Yes, I am an easterner – a Chinese as a matter of fact. I have retired for some five years now and have written my book—explaining why the soul theory is redundant, and that only materialism is able to offer a theory of mind that is consistent with all the commonsensical, clinical, and neurological facts. It is my way of squaring myself with what I have left dangling at the back of my mind for the last thirty years. Yes, I am much older now, but I guess still not too old -- ready to stage a battle or two if and when called upon.

      I appreciate your taken the time out from your busy schedule to say hello. And I think I have found another kindred mind with kindred temper on this worldwide web. So until next time, my friend, I wish you all the best in whatever you do.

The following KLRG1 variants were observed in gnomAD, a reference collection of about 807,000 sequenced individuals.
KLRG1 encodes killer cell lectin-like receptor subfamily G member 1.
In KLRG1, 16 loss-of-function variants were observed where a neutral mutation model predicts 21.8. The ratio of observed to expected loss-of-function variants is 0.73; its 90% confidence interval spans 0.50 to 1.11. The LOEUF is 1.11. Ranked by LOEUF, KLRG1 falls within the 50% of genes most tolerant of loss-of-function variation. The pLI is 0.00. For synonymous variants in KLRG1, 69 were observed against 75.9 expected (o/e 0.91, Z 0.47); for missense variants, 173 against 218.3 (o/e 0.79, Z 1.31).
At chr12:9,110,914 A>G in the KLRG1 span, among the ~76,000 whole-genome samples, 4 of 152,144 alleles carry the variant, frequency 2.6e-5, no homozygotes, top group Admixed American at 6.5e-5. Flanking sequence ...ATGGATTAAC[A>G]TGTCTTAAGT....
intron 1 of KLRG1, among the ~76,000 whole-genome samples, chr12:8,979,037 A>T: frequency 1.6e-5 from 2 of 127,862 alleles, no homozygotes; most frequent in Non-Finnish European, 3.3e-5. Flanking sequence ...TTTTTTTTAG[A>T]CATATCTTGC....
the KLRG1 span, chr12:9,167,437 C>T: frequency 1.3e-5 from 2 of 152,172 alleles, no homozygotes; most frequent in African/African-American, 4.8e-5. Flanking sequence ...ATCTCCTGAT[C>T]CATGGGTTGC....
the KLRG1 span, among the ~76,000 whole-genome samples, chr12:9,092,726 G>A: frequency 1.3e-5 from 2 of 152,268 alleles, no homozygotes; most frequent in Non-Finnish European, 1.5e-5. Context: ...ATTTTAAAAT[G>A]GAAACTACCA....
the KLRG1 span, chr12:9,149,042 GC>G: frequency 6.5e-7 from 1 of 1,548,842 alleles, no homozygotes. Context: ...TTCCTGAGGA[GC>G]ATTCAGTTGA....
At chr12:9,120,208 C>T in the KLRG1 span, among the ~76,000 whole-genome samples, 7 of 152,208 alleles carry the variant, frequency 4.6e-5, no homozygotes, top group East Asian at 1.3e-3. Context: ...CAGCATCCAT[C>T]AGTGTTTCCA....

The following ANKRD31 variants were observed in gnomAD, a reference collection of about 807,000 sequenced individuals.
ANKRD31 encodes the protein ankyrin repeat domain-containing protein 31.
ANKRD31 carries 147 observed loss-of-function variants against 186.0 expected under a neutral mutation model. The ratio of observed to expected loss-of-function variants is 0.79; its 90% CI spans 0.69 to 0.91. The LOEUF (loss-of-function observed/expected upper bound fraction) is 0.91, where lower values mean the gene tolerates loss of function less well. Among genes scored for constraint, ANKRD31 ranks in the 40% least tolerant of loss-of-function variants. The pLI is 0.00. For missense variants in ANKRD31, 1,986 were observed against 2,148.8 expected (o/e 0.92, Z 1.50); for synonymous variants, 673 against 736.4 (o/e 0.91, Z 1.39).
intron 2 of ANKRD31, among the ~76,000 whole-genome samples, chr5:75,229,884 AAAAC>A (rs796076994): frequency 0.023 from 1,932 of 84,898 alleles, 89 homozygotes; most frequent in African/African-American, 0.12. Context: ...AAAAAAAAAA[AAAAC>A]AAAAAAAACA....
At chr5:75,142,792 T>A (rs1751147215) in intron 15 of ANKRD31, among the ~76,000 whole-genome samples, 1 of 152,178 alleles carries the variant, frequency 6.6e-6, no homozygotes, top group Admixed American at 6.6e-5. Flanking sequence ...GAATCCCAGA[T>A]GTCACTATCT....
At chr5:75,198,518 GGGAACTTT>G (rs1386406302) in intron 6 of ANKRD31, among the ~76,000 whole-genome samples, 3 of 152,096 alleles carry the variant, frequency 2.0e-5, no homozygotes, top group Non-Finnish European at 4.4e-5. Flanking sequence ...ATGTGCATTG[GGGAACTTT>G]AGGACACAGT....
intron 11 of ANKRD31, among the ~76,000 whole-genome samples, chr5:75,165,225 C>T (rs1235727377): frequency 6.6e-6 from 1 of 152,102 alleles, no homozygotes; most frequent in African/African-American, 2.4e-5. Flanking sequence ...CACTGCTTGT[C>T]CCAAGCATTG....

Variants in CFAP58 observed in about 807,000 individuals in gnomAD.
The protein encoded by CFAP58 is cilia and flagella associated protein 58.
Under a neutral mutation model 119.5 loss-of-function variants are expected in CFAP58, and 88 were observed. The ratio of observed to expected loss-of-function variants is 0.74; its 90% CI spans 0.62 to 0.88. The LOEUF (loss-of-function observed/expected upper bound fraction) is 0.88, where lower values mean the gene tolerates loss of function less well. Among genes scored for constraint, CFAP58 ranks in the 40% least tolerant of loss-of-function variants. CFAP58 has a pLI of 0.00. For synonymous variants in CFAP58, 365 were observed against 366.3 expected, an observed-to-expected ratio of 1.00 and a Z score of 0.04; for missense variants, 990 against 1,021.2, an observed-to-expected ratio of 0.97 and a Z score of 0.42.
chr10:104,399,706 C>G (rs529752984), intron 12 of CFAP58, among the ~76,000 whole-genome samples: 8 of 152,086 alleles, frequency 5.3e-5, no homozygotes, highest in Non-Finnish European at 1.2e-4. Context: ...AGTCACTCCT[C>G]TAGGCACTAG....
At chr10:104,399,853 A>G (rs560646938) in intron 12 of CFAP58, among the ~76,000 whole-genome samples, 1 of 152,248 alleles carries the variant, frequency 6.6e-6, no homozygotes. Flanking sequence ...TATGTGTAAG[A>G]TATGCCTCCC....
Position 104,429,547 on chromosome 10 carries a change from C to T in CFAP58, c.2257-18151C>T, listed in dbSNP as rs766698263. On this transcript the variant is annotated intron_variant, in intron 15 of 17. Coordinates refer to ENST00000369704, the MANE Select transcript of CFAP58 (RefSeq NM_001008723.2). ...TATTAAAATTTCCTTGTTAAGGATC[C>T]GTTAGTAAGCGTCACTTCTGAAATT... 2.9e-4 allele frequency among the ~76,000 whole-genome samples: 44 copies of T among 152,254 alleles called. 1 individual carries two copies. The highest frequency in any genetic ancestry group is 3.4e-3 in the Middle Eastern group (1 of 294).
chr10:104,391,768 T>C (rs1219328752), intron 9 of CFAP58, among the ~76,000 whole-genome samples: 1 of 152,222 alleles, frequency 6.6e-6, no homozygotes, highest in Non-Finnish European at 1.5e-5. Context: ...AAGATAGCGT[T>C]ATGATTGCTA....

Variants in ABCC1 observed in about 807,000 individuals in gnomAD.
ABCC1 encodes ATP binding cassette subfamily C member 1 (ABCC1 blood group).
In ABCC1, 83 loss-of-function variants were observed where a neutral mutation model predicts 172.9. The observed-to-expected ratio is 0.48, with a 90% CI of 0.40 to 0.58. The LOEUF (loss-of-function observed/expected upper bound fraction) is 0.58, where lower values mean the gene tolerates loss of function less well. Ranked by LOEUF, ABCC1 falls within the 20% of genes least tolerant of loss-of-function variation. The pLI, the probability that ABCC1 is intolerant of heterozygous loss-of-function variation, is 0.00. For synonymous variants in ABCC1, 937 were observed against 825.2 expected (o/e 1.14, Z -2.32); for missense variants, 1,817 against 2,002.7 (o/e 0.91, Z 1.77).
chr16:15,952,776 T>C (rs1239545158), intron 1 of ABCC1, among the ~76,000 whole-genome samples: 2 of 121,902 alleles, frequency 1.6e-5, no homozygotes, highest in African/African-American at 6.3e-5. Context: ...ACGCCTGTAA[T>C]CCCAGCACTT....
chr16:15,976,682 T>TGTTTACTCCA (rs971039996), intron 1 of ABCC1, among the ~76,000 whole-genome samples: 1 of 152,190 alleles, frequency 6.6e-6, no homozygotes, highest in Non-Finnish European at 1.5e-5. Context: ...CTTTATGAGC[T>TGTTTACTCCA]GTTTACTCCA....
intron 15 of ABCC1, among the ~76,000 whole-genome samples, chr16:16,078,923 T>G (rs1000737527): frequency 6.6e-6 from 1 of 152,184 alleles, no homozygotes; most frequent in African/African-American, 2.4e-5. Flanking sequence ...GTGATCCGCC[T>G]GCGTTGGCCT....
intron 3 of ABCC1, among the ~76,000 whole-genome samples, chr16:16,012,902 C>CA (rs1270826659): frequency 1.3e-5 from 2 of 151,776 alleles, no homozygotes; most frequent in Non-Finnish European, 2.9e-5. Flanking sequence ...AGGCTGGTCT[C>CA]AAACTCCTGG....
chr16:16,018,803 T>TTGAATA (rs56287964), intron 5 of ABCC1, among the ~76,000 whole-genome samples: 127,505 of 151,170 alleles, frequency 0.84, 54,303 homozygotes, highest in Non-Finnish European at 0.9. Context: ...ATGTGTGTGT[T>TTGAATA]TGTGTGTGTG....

Peter (M.K. Chan)

      Maurice Temples <mctempedocles@...> wrote:Hello Peter M.K. Chan,

      I have been holding your post in my inbox as I
      wanted to respond to it, but have been so busy on
      another group that I haven't had time. However, just
      this evening that other group seems to have completely
      disappeared from yahoo's board. I can't explain it.
      Anyway, I wanted first to compliment you for one of
      the more literate posts I have seen. You bring up
      many ideas worth a great deal of discussion. I have
      not read your book, and may never find time to -- I
      work way too many hours. However, if we should become
      involved in discussion, I'm sure you will fill me in